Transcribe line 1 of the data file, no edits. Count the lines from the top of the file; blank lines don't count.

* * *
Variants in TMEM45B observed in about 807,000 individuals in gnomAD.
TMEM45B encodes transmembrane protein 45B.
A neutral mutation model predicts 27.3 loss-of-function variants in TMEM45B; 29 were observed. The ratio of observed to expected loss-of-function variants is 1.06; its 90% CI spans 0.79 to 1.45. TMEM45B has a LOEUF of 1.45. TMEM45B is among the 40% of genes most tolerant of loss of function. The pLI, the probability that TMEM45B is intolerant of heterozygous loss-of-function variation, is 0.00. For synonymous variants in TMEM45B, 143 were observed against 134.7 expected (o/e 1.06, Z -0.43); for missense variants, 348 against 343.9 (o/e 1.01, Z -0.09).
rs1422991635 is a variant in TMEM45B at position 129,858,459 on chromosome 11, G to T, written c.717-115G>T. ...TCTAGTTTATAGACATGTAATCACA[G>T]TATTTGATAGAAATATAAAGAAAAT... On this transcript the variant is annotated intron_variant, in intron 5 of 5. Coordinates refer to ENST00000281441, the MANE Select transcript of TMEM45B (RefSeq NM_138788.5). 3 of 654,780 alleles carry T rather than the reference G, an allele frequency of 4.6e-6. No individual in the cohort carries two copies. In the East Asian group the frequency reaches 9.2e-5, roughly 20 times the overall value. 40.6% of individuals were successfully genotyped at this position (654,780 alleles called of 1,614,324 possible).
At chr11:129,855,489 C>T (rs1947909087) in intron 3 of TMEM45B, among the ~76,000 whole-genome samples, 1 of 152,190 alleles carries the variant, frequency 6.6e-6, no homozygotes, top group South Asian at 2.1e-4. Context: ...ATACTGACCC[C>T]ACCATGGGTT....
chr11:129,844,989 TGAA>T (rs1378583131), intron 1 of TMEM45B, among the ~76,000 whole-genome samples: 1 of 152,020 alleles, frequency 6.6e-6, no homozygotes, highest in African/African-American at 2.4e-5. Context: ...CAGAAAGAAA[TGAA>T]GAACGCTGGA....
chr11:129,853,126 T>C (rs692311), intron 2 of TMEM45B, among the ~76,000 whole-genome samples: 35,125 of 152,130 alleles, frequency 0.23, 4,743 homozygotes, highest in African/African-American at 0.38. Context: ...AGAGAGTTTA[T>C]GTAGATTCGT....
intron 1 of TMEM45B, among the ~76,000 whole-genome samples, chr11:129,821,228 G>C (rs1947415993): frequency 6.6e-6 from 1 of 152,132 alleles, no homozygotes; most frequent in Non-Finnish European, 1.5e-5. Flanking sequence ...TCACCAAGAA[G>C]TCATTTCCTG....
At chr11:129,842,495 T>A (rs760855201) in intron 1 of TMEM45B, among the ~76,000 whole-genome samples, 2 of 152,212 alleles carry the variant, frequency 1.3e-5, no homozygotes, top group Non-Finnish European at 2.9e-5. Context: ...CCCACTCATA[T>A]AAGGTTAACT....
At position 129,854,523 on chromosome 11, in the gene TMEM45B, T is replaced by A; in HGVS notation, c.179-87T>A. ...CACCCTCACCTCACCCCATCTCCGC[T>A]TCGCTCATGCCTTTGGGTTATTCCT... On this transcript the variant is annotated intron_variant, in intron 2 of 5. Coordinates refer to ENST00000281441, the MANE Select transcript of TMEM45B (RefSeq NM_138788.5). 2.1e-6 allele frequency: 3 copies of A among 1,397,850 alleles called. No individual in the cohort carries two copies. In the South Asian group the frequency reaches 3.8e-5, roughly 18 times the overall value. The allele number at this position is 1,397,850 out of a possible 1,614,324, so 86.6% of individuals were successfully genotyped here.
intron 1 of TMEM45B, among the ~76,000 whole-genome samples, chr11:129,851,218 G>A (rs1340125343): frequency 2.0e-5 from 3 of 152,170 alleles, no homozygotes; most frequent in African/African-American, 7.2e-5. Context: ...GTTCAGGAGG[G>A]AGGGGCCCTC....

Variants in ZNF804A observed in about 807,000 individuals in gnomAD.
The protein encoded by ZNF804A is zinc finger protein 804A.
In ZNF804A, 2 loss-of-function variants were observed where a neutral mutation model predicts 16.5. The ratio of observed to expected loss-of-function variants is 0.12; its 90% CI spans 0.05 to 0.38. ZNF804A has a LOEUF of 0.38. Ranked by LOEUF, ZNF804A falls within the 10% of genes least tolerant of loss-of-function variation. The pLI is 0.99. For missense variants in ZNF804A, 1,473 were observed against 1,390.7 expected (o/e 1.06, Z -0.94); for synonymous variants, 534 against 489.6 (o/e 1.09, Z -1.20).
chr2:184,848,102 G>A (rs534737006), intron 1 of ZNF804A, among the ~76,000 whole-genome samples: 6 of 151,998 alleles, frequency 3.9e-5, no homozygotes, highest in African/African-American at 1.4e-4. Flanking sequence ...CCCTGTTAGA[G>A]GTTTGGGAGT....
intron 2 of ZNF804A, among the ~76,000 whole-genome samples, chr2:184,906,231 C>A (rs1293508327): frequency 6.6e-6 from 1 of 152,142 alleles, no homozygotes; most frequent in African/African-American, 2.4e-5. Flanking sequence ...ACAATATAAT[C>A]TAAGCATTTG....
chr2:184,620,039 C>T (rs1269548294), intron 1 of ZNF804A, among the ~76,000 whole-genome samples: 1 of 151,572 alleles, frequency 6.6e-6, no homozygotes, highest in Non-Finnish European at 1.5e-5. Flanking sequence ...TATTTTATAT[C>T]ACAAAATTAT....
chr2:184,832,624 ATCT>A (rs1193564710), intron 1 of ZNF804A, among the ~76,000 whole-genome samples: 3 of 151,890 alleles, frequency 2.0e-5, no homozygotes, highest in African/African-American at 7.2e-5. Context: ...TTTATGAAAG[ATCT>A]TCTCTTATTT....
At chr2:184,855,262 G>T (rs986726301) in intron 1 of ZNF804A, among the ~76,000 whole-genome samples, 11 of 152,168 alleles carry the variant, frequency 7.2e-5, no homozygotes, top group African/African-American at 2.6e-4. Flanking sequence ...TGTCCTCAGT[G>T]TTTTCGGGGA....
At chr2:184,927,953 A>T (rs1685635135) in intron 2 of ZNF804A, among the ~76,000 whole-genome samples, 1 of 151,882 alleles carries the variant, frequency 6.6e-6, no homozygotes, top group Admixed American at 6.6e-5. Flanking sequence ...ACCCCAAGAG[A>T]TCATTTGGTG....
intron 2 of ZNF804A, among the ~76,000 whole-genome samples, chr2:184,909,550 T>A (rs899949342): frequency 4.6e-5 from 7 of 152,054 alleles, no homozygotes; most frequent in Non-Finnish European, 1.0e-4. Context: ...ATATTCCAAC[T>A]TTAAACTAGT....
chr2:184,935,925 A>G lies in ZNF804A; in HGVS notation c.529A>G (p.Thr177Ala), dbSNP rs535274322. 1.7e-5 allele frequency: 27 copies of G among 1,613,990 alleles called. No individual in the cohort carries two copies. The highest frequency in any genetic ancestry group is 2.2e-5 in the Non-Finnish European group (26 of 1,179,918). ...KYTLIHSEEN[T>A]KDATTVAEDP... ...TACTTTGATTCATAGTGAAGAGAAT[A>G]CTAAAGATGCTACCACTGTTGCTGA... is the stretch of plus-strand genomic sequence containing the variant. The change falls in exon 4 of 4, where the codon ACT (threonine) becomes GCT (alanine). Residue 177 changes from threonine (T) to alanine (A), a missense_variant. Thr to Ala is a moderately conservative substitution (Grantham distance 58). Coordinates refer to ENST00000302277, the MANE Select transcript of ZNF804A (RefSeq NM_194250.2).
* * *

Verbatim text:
Variants in TMEM45B observed in about 807,000 individuals in gnomAD.